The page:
In a wooded landscape near a rustic cottage, a couple prepares game for market, filling a large basket with plucked ducks while baskets of other fowl sit nearby awaiting their turn. The various species have been carefully observed by the artist, and the assorted patterns and colors of feathers are accurately and skillfully described. Further in the distance, the hunt is symbolized by a man aiming a rifle, his dog crouched at his feet, while several ducks circle in the air above him. With the costumes and architecture suggesting a Northern setting, we can date this landscape to the earlier part of the artist's career.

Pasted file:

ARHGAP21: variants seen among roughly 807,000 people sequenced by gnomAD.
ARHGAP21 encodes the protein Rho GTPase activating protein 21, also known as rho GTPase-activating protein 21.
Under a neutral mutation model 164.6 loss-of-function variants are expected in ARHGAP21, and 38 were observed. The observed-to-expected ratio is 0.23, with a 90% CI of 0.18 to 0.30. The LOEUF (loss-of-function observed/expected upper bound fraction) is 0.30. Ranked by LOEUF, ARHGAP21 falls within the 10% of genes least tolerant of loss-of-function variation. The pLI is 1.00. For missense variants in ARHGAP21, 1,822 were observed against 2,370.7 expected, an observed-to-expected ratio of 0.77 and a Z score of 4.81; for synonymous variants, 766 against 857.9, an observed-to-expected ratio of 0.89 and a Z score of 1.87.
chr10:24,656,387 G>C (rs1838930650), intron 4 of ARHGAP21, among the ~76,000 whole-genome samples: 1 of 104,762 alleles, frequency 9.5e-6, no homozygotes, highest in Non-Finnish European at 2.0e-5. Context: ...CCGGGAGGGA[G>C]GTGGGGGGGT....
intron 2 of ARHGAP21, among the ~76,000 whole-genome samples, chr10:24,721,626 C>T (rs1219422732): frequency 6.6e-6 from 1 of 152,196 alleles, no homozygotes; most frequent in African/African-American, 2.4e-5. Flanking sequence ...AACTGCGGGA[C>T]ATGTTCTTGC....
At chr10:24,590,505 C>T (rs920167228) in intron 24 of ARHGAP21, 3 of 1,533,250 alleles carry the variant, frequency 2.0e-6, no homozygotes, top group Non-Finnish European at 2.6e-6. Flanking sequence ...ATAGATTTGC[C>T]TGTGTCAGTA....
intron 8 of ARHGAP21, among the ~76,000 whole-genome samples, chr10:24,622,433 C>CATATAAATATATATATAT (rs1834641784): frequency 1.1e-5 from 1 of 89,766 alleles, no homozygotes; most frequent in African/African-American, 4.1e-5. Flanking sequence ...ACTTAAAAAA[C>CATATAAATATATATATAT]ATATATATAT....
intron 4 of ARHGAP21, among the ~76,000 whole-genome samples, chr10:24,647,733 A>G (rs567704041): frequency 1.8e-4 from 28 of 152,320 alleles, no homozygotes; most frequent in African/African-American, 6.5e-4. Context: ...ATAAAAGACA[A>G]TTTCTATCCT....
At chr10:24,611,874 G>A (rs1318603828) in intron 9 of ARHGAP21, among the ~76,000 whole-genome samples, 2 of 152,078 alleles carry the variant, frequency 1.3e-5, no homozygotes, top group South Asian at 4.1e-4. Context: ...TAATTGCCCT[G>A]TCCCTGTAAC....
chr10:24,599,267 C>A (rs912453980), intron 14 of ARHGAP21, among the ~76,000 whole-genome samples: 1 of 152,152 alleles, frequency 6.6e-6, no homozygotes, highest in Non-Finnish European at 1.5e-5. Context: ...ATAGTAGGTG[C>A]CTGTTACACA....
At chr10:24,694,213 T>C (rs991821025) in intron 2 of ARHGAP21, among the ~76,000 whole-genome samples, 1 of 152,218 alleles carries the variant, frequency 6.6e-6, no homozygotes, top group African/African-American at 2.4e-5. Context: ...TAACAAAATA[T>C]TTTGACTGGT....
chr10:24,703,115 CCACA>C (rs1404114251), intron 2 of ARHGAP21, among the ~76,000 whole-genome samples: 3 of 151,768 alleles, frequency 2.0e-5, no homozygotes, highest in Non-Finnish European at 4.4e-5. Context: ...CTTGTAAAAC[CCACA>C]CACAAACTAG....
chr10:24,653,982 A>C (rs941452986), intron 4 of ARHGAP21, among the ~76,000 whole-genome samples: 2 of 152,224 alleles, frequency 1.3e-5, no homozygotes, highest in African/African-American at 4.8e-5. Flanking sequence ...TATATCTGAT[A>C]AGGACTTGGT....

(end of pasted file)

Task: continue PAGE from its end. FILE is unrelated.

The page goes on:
Paolo Fiammingo was a Flemish painter and draftsman who registered with the Guild of St. Luke in Antwerp in 1561 but was known to have traveled to Venice by 1573. He served for a time as an assistant in Tintoretto's workshop, where he specialized in painting landscape backgrounds, before eventually leaving to open his own studio. His landscapes anticipate the later works of Flemish artists who painted in the Italianate style, including Paul Bril and Jan Brueghel the Elder.
The attribution to Paolo Fiammingo was first suggested by Bert W. Meijer at the RKD in a letter dated 22 June 1993.